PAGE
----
“There are several critical elements to the success of these models, and a strong collaborative ethos from the highest level of the plan — where the medical director would be key — is very important to keeping people moving along with a will to succeed,” says Gosfield. “We have long said that to implement this type of program you need a willing plan and willing providers.”
Paul Fronstin, PhD, director of the health research and education program at the Employee Benefit Research Institute, agrees. “Medical directors at health plans are unique in that they are providers of health care and understand the insurance side of the business,” he says. “They may be the ones who can effectively broker a compromise between providers and health plans to move to a bundled payment system.”
Richard G. Stefanacci, DO, MBA, associate professor of health policy at the University of the Sciences in Philadelphia and chief medical officer of the Access Group, argues that medical directors can “play a major role in getting providers to be efficient and effective in delivering better care. But it needs to start with bundles big enough, priced correctly, and aimed at manageable outcomes. The medical director is best positioned to assure the right bundled package and the right path for directing provider behavior.”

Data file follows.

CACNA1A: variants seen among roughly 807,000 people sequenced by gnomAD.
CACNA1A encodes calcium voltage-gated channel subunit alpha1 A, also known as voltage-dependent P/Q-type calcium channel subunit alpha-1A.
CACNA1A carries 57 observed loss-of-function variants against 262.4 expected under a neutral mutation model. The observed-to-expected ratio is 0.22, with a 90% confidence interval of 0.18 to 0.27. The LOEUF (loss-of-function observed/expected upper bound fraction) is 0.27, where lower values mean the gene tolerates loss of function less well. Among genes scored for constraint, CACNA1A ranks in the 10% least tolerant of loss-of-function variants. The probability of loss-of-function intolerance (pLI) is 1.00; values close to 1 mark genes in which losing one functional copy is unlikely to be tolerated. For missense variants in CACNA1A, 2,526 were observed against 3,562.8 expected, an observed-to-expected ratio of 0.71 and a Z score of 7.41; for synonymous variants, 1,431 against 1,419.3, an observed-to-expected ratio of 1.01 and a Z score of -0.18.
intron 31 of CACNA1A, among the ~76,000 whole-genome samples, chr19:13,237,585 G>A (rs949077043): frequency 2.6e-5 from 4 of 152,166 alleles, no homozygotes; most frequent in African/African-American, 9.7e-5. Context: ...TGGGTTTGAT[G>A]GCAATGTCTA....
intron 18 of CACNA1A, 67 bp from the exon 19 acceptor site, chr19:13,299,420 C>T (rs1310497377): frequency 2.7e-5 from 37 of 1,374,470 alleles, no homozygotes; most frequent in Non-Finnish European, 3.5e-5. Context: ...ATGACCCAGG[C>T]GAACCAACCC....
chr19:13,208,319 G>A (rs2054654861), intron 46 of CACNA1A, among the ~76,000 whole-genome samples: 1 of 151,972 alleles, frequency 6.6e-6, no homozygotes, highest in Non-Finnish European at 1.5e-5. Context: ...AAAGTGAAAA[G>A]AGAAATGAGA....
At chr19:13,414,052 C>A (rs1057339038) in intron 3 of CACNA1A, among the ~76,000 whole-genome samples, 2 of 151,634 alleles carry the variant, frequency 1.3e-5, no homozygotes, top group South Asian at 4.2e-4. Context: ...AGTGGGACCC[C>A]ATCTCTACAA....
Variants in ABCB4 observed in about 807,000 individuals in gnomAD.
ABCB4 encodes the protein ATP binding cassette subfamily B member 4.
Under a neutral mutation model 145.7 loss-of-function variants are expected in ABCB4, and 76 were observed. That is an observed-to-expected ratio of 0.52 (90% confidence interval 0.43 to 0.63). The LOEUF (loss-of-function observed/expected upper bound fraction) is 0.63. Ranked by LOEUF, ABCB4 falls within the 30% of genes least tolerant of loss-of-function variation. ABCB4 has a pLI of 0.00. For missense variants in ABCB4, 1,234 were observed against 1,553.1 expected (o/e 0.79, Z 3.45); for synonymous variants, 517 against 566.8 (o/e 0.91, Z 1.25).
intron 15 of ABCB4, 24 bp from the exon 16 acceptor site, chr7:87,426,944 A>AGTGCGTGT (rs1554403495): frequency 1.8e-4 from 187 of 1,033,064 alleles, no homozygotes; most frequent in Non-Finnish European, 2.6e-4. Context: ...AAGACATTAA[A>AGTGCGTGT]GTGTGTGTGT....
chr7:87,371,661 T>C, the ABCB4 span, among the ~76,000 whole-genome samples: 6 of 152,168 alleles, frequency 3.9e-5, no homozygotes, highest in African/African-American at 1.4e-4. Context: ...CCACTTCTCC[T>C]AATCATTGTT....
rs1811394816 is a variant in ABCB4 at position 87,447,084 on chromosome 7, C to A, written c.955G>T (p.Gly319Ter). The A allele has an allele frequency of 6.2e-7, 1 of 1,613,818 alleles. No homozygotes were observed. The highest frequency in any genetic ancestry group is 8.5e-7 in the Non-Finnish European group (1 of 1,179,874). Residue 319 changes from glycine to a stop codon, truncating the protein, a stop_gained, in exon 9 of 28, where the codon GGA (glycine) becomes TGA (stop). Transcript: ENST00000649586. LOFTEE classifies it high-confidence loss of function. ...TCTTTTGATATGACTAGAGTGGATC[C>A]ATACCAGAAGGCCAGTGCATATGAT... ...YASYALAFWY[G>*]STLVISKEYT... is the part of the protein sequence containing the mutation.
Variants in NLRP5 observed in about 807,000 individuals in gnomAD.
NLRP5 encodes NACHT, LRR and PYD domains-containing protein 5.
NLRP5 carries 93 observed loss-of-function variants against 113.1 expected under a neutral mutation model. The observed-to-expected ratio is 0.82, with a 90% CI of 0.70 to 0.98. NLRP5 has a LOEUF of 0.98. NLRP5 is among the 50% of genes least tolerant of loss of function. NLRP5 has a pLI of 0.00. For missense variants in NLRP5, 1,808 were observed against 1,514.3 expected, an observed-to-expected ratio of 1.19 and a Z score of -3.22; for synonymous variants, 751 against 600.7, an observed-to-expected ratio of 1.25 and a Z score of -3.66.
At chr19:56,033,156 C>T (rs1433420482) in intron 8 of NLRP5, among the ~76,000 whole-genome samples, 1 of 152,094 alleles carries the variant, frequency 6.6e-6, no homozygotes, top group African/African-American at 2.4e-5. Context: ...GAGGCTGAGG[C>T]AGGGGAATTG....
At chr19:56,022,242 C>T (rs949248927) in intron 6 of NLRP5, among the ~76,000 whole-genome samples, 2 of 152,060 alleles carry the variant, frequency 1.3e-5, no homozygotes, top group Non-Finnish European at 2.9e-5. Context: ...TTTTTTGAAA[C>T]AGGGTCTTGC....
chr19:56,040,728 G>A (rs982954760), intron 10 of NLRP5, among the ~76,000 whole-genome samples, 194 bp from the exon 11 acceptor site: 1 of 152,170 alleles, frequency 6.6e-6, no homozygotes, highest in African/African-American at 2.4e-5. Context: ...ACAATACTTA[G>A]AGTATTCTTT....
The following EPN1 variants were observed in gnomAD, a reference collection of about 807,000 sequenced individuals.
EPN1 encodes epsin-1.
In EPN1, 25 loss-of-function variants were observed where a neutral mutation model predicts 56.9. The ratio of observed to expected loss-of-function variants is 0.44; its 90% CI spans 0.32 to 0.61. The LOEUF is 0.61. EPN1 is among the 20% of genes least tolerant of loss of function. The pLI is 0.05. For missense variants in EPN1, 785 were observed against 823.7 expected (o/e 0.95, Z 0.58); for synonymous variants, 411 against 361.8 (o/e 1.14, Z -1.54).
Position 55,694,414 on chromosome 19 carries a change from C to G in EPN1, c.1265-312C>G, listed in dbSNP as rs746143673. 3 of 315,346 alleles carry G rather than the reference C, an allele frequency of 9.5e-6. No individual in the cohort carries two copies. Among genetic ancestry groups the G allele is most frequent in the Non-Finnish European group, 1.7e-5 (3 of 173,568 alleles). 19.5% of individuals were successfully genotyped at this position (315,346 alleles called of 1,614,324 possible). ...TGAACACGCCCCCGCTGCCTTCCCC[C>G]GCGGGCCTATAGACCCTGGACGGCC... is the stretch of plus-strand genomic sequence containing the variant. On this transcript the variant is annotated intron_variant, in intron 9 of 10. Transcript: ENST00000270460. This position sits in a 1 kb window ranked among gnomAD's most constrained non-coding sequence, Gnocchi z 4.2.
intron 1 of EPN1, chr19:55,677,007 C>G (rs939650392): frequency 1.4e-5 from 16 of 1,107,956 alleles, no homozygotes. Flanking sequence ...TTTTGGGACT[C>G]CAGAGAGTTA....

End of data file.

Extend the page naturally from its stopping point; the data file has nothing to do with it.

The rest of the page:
De Brantes says that “There’s no question that the chief medical officers are fully engaged in the process because of the tie-ins to disease management, care coordination, and other plan activities to improve patient outcomes,” he says.
Hussey agrees about the importance of clinical executives at health plans. “Our evaluation of the experiences of three pilot sites highlights several things that medical directors at health insurance plans could do to facilitate bundled payment,” says Hussey. “Two of the most significant technical challenges were utilization analysis and payment processing.”
Utilization analysis establishes the historical baseline of cost and utilization of health care services in the bundles. “It is also information that plans can use to illustrate opportunities for improvement that can motivate providers to participate,” says Hussey.
Payment processing refers to modification of claim-processing systems. Several vendors are developing programs to do this, Hussey notes, but during the study period “sites were struggling with this functionality and therefore were not able to bring their bundled payment programs live.”
Translation: Much work lies ahead for HCIII and other potential developers of bundled payment systems. “The essence of what Rand reported was that doing bundled payment is not a walk in the park, which is true,” says Gosfield. “But if no one tries, then we learn nothing. And as one of our board members, a physician, said recently, ‘If it were easy it would have happened long ago.’”